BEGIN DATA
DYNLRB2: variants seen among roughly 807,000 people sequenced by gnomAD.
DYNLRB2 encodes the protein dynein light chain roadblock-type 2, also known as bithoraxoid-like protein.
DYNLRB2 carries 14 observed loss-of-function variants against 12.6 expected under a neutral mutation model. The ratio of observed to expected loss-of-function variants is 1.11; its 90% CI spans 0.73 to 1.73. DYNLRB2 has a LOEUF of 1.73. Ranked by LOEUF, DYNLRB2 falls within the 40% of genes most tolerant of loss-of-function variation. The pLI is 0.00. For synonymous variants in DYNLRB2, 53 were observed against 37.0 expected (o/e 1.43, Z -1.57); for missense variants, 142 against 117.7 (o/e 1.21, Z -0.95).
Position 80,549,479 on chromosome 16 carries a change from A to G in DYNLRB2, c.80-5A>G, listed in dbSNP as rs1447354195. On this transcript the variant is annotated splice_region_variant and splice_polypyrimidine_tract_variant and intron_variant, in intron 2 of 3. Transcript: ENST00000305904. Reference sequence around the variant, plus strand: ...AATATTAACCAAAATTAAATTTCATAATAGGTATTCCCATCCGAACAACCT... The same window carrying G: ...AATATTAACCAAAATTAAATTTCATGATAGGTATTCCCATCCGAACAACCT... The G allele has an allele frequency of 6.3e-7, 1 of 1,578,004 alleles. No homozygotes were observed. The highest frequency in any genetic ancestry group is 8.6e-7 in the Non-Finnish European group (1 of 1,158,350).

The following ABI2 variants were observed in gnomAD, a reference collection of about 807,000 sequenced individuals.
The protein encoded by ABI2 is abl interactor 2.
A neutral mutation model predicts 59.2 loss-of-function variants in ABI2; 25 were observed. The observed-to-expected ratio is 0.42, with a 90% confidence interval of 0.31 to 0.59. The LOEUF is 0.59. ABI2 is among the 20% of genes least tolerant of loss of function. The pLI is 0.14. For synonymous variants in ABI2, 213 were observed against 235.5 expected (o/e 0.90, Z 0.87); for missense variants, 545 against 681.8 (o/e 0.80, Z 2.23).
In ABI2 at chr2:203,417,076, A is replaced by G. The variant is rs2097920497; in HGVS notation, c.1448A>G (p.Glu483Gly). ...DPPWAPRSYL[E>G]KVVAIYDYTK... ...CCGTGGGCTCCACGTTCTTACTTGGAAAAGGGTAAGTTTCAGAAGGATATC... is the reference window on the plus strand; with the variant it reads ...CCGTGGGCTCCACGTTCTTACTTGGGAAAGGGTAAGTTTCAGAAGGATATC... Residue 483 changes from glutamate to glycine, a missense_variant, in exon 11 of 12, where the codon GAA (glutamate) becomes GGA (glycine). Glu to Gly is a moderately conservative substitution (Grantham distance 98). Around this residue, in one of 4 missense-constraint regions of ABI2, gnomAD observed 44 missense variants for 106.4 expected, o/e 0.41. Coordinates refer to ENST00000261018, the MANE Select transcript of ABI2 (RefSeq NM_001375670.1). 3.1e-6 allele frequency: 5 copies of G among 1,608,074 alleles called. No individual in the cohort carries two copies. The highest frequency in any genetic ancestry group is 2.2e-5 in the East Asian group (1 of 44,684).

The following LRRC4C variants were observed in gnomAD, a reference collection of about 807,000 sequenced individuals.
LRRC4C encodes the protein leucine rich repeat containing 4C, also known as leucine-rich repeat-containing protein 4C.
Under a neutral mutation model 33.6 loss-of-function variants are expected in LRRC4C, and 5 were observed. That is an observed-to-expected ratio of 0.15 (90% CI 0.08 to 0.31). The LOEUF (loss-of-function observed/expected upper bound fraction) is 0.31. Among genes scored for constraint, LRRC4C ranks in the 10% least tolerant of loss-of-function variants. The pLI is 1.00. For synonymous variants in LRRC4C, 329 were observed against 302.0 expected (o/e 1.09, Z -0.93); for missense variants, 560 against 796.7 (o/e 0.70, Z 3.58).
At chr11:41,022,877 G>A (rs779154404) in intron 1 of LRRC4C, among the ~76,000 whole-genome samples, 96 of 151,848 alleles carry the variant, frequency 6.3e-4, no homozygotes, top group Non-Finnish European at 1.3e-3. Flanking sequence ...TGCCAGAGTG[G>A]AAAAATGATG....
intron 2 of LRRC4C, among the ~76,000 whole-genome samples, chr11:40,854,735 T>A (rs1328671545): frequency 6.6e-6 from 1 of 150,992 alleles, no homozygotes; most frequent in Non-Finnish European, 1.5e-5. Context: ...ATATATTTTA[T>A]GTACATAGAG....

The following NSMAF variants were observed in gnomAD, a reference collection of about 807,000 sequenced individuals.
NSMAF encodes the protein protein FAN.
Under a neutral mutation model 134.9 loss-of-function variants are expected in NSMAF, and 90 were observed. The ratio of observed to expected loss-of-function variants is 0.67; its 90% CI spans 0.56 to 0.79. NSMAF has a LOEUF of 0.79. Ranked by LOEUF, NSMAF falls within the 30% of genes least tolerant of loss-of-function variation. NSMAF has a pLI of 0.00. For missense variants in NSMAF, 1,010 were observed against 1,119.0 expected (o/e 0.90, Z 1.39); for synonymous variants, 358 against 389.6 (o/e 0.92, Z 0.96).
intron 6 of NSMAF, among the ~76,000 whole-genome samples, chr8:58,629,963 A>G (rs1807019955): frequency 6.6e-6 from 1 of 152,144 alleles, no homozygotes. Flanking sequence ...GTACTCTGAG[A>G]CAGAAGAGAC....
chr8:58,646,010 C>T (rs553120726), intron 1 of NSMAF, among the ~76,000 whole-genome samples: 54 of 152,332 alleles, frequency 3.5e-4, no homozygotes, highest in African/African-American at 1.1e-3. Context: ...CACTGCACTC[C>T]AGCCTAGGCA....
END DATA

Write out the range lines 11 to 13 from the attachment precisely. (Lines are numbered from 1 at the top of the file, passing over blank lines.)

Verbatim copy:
Under a neutral mutation model 33.6 loss-of-function variants are expected in LRRC4C, and 5 were observed. That is an observed-to-expected ratio of 0.15 (90% CI 0.08 to 0.31). The LOEUF (loss-of-function observed/expected upper bound fraction) is 0.31. Among genes scored for constraint, LRRC4C ranks in the 10% least tolerant of loss-of-function variants. The pLI is 1.00. For synonymous variants in LRRC4C, 329 were observed against 302.0 expected (o/e 1.09, Z -0.93); for missense variants, 560 against 796.7 (o/e 0.70, Z 3.58).
At chr11:41,022,877 G>A (rs779154404) in intron 1 of LRRC4C, among the ~76,000 whole-genome samples, 96 of 151,848 alleles carry the variant, frequency 6.3e-4, no homozygotes, top group Non-Finnish European at 1.3e-3. Flanking sequence ...TGCCAGAGTG[G>A]AAAAATGATG....
intron 2 of LRRC4C, among the ~76,000 whole-genome samples, chr11:40,854,735 T>A (rs1328671545): frequency 6.6e-6 from 1 of 150,992 alleles, no homozygotes; most frequent in Non-Finnish European, 1.5e-5. Context: ...ATATATTTTA[T>A]GTACATAGAG....